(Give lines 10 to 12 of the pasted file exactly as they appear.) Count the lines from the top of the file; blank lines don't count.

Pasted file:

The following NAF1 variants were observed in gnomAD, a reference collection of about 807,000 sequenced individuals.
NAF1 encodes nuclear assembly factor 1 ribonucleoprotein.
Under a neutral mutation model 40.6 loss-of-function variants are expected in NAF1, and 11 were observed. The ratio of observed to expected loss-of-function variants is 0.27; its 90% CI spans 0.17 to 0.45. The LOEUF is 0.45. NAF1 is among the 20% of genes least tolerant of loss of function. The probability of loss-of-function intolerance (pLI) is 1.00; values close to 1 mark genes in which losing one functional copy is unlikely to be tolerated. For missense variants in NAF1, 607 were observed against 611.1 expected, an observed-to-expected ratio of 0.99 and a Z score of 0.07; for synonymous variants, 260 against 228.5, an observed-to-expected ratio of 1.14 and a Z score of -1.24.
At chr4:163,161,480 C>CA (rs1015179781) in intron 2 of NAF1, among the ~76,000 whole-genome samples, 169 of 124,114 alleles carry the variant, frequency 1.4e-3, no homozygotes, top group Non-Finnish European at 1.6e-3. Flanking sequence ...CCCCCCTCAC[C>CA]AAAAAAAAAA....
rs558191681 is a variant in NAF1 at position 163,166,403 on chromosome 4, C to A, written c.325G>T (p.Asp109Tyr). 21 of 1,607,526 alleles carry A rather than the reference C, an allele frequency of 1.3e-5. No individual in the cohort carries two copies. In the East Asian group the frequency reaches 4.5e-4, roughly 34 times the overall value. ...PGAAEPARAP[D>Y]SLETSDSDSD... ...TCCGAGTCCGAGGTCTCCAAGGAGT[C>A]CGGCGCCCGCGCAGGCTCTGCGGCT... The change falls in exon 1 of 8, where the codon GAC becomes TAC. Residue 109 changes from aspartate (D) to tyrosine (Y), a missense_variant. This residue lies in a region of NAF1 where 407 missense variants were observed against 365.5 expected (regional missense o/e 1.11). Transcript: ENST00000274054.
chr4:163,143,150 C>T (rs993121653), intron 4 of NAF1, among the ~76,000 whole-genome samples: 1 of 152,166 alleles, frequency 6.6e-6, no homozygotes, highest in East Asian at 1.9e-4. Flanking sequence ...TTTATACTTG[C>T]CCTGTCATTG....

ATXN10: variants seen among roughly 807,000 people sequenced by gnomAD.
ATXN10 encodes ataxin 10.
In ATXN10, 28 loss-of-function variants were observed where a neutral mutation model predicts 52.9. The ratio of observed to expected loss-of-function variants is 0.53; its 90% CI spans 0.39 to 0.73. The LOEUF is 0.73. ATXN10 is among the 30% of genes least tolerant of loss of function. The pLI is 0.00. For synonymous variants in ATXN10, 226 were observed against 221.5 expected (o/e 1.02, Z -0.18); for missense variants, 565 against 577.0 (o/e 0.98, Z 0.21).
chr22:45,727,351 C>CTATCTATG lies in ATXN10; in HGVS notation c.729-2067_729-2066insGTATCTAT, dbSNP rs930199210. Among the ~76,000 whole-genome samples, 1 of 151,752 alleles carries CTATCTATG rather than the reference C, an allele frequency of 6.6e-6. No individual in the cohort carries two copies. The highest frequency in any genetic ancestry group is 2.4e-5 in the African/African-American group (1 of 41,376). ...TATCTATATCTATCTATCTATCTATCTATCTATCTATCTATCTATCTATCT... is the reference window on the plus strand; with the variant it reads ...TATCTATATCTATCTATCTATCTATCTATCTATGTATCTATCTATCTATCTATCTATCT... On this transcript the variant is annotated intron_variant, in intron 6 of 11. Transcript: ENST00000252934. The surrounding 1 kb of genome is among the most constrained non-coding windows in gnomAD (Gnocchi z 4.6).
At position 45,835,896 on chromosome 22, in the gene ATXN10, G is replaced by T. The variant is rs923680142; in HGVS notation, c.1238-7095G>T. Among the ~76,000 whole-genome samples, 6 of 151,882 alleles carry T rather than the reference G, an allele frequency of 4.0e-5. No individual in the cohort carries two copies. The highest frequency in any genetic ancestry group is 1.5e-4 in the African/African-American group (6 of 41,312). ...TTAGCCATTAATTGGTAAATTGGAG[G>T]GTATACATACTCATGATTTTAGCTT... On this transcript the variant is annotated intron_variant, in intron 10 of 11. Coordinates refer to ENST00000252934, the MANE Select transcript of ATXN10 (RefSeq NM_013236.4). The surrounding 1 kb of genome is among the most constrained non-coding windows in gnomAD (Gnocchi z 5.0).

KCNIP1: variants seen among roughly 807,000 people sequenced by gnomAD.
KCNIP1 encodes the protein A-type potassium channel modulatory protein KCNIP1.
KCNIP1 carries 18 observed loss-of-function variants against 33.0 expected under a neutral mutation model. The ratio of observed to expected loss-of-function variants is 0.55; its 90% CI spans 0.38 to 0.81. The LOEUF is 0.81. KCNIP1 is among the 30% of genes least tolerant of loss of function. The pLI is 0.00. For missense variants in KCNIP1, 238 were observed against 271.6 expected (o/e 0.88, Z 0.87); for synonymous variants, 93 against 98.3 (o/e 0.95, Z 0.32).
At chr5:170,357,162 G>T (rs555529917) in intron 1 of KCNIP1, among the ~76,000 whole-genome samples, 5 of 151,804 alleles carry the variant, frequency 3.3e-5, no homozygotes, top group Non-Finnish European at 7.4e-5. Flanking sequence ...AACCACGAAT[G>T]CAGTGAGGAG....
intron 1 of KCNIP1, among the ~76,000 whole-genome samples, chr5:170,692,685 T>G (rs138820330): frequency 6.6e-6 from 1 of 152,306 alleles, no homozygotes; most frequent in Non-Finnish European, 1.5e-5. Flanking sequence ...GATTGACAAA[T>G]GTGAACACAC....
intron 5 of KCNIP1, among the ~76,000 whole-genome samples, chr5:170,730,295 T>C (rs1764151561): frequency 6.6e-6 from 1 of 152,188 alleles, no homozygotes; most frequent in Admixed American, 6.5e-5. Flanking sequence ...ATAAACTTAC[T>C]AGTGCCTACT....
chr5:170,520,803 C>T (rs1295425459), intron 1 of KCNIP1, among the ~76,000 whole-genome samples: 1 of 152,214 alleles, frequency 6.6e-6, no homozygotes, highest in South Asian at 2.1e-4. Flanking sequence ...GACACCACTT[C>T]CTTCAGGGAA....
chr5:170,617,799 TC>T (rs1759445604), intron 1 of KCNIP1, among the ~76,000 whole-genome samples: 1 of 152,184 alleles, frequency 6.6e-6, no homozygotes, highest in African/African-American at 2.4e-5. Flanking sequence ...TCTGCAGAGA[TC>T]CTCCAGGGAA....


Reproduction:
chr22:45,727,351 C>CTATCTATG lies in ATXN10; in HGVS notation c.729-2067_729-2066insGTATCTAT, dbSNP rs930199210. Among the ~76,000 whole-genome samples, 1 of 151,752 alleles carries CTATCTATG rather than the reference C, an allele frequency of 6.6e-6. No individual in the cohort carries two copies. The highest frequency in any genetic ancestry group is 2.4e-5 in the African/African-American group (1 of 41,376). ...TATCTATATCTATCTATCTATCTATCTATCTATCTATCTATCTATCTATCT... is the reference window on the plus strand; with the variant it reads ...TATCTATATCTATCTATCTATCTATCTATCTATGTATCTATCTATCTATCTATCTATCT... On this transcript the variant is annotated intron_variant, in intron 6 of 11. Transcript: ENST00000252934. The surrounding 1 kb of genome is among the most constrained non-coding windows in gnomAD (Gnocchi z 4.6).
At position 45,835,896 on chromosome 22, in the gene ATXN10, G is replaced by T. The variant is rs923680142; in HGVS notation, c.1238-7095G>T. Among the ~76,000 whole-genome samples, 6 of 151,882 alleles carry T rather than the reference G, an allele frequency of 4.0e-5. No individual in the cohort carries two copies. The highest frequency in any genetic ancestry group is 1.5e-4 in the African/African-American group (6 of 41,312). ...TTAGCCATTAATTGGTAAATTGGAG[G>T]GTATACATACTCATGATTTTAGCTT... On this transcript the variant is annotated intron_variant, in intron 10 of 11. Coordinates refer to ENST00000252934, the MANE Select transcript of ATXN10 (RefSeq NM_013236.4). The surrounding 1 kb of genome is among the most constrained non-coding windows in gnomAD (Gnocchi z 5.0).

KCNIP1: variants seen among roughly 807,000 people sequenced by gnomAD.